^{1,a)}, Dirk G. A. L. Aarts

^{1}and Roel P. A. Dullens

^{1}

### Abstract

We experimentally investigate the dynamics of particles constituting grain boundaries in a two-dimensional colloidal crystal, using video-microscopy. A clear plateau in the mean square displacement of the grain boundary particles is found, followed by an upswing indicative of cage breaking. The van Hove correlation functions and the non-Gaussian parameter show that grain boundary particle dynamics are highly heterogeneous. Furthermore, we identified clusters of cooperatively moving particles and analyzed the time-dependence of the weight-averaged mean cluster size. We find good correlation between the behavior of the mean square displacement, and the time dependence of the non-Gaussian parameter and the cluster size, as also reported for various supercooled systems. Our results therefore provide experimental support for the similarity between particle dynamics in grain boundaries and in supercooled liquids as suggested by recent computer simulations.

We thank Paddy Royall for useful discussions, Michael Juniper for critically reading the manuscript and the EPSRC for financial support.

I. INTRODUCTION

II. EXPERIMENTAL METHODS AND DATA ANALYSIS

A. Colloidal model system

B. Single particle dynamics

C. Interface localization

D. Identification of grain boundary particles

III. RESULTS AND DISCUSSION

A. Dynamics of the grain boundary particles

B. Cooperative motion and cluster size distributions

IV. CONCLUSION

### Key Topics

- Grain boundaries
- 46.0
- Colloidal systems
- 15.0
- Cluster dynamics
- 10.0
- Glasses
- 7.0
- Bulk crystals
- 5.0

## Figures

(a) An orientational Voronoi plot of the grain boundary, where the color of each cell represents the local orientation parameter of the corresponding particle, as indicated by the color scale. The shaded band around the interface (solid line) represents the distance criterion for locating the GB particles (see Sec. II D). The inset on the top shows an image of a small part of the grain boundary. The inset on the left shows a typical tangent-hyperbolic fit to the local orientation parameter profile for a single bin. (b) The mean square displacement for the selection *n* _{ c } ≠ 6 (×), for (◯), for 12σ (△), and for the bulk crystal particles (□). The inset shows a segment of the GB, with particle positions plotted over a period of 2500 s.

(a) An orientational Voronoi plot of the grain boundary, where the color of each cell represents the local orientation parameter of the corresponding particle, as indicated by the color scale. The shaded band around the interface (solid line) represents the distance criterion for locating the GB particles (see Sec. II D). The inset on the top shows an image of a small part of the grain boundary. The inset on the left shows a typical tangent-hyperbolic fit to the local orientation parameter profile for a single bin. (b) The mean square displacement for the selection *n* _{ c } ≠ 6 (×), for (◯), for 12σ (△), and for the bulk crystal particles (□). The inset shows a segment of the GB, with particle positions plotted over a period of 2500 s.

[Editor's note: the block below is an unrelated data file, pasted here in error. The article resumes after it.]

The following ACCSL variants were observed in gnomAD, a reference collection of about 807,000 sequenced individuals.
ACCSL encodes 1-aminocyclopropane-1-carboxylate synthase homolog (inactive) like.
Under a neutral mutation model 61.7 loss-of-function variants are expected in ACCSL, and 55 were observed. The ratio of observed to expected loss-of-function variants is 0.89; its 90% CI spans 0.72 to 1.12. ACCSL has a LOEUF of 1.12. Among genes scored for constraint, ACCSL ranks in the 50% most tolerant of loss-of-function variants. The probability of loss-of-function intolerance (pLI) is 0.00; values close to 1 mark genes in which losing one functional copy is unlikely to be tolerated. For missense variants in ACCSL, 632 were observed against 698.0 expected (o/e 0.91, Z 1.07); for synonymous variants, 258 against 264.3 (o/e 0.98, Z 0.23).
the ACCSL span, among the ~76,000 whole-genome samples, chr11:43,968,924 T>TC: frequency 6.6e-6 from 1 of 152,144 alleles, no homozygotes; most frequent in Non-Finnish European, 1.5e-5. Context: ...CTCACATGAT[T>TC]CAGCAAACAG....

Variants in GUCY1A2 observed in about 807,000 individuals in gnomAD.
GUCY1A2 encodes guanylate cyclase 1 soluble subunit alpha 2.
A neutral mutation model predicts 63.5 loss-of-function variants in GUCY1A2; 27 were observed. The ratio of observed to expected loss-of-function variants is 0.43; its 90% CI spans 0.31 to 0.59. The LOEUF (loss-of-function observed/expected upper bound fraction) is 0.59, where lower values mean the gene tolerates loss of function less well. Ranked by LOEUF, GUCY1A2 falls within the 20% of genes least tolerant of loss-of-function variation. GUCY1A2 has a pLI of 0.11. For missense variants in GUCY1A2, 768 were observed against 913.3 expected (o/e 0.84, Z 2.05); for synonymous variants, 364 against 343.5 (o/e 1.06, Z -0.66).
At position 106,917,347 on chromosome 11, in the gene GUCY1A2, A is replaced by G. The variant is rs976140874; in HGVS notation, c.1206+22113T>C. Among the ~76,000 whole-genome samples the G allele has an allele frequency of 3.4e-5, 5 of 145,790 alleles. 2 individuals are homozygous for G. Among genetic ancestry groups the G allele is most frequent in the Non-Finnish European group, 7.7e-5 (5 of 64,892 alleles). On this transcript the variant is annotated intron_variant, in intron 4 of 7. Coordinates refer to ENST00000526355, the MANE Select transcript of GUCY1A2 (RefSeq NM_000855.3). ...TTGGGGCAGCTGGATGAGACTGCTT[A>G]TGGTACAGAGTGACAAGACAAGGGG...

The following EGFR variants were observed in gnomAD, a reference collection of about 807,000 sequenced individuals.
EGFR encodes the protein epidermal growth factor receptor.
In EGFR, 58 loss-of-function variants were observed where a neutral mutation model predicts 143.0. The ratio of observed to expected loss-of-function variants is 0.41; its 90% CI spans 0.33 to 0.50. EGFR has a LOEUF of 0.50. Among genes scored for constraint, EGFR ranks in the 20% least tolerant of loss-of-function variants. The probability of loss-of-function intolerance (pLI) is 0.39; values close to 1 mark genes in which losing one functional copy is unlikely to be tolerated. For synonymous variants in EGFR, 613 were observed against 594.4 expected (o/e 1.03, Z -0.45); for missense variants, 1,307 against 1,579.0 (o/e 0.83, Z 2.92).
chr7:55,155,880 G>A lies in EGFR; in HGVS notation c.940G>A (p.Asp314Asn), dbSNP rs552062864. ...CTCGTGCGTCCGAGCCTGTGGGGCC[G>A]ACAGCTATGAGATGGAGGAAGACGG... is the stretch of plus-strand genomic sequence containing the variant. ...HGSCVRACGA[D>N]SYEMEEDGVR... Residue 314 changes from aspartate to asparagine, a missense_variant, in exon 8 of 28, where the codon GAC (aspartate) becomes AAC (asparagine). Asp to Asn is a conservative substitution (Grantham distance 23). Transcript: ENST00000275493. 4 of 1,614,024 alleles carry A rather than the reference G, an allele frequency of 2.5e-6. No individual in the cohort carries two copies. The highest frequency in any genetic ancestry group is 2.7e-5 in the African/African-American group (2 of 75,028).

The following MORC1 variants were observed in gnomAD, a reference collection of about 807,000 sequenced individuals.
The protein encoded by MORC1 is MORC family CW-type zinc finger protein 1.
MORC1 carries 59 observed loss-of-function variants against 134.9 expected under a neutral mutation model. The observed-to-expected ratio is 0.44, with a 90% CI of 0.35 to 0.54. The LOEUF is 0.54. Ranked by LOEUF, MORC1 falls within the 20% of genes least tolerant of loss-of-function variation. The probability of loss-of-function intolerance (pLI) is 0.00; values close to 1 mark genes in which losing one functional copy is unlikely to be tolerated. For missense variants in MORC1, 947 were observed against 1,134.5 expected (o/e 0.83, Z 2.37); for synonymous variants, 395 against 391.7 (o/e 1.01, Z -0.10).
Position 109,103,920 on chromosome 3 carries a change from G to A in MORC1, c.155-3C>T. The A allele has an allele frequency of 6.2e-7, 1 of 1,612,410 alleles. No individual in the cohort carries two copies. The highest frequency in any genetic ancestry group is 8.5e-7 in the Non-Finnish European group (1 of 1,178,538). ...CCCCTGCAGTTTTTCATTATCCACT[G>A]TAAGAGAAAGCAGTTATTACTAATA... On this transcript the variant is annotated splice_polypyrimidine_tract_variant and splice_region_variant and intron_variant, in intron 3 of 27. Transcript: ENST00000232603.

Mean square displacements for the grain boundary particles ⟨*r* ^{2}⟩ (○), split into, along the boundary, ⟨*x* ^{2}⟩ (□), and perpendicular to it, ⟨*y* ^{2}⟩ (△), and for the bulk crystal in the *x* (×) and *y* (⋄) directions.

Mean square displacements for the grain boundary particles ⟨*r* ^{2}⟩ (○), split into, along the boundary, ⟨*x* ^{2}⟩ (□), and perpendicular to it, ⟨*y* ^{2}⟩ (△), and for the bulk crystal in the *x* (×) and *y* (⋄) directions.

(a) Self part of the van Hove correlation function along (*x*) and perpendicular (*y*) to the grain boundary for the grain boundary particles (○) and the bulk crystalline particles (□), for *t* = 200 s. The solid lines are Gaussian fits to the data. (b) Non-Gaussian parameters for the motion along the grain boundary (*x*, □), perpendicular to it (*y*, △), and for the bulk crystalline particles in *x* (○) and *y* (⋄).

(a) Self part of the van Hove correlation function along (*x*) and perpendicular (*y*) to the grain boundary for the grain boundary particles (○) and the bulk crystalline particles (□), for *t* = 200 s. The solid lines are Gaussian fits to the data. (b) Non-Gaussian parameters for the motion along the grain boundary (*x*, □), perpendicular to it (*y*, △), and for the bulk crystalline particles in *x* (○) and *y* (⋄).

Typical cluster of moving particles (to scale) in the grain boundary illustrating the cooperative nature of the particle motion. The light spheres are the particle positions at *t* _{0} = 0 s and the dark spheres are the positions at *t* = 200 s.

Typical cluster of moving particles (to scale) in the grain boundary illustrating the cooperative nature of the particle motion. The light spheres are the particle positions at *t* _{0} = 0 s and the dark spheres are the positions at *t* = 200 s.

(a) Probability distribution, *P*(*n*), of cluster sizes, *n*, for different times: *t* = 1 s (□), *t* = 5 s (○), *t* = 10 s (⋄), *t* = 220 s (△), and *t* = 1050 s (×). (b) The normalized weight-averaged mean cluster size, *S*, as a function of the observation time window, *t*.

(a) Probability distribution, *P*(*n*), of cluster sizes, *n*, for different times: *t* = 1 s (□), *t* = 5 s (○), *t* = 10 s (⋄), *t* = 220 s (△), and *t* = 1050 s (×). (b) The normalized weight-averaged mean cluster size, *S*, as a function of the observation time window, *t*.

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